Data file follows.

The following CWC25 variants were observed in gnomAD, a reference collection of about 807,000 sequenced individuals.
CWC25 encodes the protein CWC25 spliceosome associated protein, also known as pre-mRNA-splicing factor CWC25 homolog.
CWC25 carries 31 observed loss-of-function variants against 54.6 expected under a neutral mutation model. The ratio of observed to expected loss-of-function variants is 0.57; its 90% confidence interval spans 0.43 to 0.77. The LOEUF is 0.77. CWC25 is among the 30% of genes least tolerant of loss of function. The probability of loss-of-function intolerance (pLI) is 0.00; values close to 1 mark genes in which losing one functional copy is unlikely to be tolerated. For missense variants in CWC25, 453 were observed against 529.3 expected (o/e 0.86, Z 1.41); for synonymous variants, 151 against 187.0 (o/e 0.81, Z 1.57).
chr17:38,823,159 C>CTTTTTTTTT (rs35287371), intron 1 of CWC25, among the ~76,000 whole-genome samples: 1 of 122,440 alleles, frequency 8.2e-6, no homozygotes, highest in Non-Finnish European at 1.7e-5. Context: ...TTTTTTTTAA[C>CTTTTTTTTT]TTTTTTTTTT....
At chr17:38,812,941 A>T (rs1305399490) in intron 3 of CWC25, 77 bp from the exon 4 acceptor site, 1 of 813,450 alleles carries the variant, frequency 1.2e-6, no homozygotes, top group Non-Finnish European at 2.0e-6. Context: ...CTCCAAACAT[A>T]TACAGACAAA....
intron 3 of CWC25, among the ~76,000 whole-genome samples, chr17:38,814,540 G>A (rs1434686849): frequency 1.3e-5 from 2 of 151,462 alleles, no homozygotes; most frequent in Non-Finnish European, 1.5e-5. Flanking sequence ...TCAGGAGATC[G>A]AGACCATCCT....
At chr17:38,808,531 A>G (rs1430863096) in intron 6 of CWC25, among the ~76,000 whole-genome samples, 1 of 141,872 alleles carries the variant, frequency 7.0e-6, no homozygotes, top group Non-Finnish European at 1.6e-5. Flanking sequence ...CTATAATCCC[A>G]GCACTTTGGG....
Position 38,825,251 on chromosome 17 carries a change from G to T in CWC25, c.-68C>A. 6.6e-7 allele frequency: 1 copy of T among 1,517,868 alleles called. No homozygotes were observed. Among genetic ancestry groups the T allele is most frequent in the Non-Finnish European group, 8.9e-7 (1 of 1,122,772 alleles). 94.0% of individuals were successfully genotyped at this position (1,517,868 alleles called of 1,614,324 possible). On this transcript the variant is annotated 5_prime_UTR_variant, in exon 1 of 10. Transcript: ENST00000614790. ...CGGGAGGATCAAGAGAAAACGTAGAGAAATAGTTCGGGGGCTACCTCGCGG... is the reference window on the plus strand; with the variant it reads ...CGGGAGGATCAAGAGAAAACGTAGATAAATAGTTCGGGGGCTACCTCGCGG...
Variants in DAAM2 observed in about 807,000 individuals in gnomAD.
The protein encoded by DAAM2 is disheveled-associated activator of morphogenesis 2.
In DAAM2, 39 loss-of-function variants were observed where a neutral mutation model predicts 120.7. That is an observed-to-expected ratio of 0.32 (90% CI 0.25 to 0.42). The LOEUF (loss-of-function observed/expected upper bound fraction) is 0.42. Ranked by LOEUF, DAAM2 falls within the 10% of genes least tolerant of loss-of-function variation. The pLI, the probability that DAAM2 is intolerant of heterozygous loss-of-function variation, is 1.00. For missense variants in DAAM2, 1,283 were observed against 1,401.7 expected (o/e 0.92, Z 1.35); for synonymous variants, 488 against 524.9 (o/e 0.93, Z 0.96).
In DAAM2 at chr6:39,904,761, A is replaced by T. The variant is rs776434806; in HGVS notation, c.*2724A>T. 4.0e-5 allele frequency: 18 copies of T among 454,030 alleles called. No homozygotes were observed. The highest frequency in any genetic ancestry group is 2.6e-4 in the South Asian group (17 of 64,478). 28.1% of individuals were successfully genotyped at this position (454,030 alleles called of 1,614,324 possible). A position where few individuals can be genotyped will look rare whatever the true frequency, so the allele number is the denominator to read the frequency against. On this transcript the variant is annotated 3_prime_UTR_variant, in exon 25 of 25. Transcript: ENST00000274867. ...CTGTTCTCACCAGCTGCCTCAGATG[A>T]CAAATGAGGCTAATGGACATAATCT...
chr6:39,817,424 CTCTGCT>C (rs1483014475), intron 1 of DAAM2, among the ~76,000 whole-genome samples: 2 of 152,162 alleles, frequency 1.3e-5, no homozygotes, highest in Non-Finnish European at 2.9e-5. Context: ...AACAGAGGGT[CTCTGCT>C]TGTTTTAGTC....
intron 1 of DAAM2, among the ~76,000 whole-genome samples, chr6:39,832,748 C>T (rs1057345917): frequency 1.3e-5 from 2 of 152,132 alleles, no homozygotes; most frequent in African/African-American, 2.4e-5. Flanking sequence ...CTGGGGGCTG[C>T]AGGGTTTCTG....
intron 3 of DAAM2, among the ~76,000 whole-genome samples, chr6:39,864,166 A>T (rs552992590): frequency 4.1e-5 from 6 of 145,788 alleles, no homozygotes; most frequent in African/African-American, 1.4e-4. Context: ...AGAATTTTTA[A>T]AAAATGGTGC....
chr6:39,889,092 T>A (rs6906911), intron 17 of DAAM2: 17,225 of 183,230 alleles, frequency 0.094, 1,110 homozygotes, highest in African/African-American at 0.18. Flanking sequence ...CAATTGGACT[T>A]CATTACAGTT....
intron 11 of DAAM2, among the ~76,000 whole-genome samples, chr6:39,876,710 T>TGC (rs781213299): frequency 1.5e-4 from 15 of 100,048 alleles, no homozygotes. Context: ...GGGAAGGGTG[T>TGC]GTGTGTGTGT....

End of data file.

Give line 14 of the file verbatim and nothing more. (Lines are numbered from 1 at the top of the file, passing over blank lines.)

intron 1 of DAAM2, among the ~76,000 whole-genome samples, chr6:39,832,748 C>T (rs1057345917): frequency 1.3e-5 from 2 of 152,132 alleles, no homozygotes; most frequent in African/African-American, 2.4e-5. Flanking sequence ...CTGGGGGCTG[C>T]AGGGTTTCTG....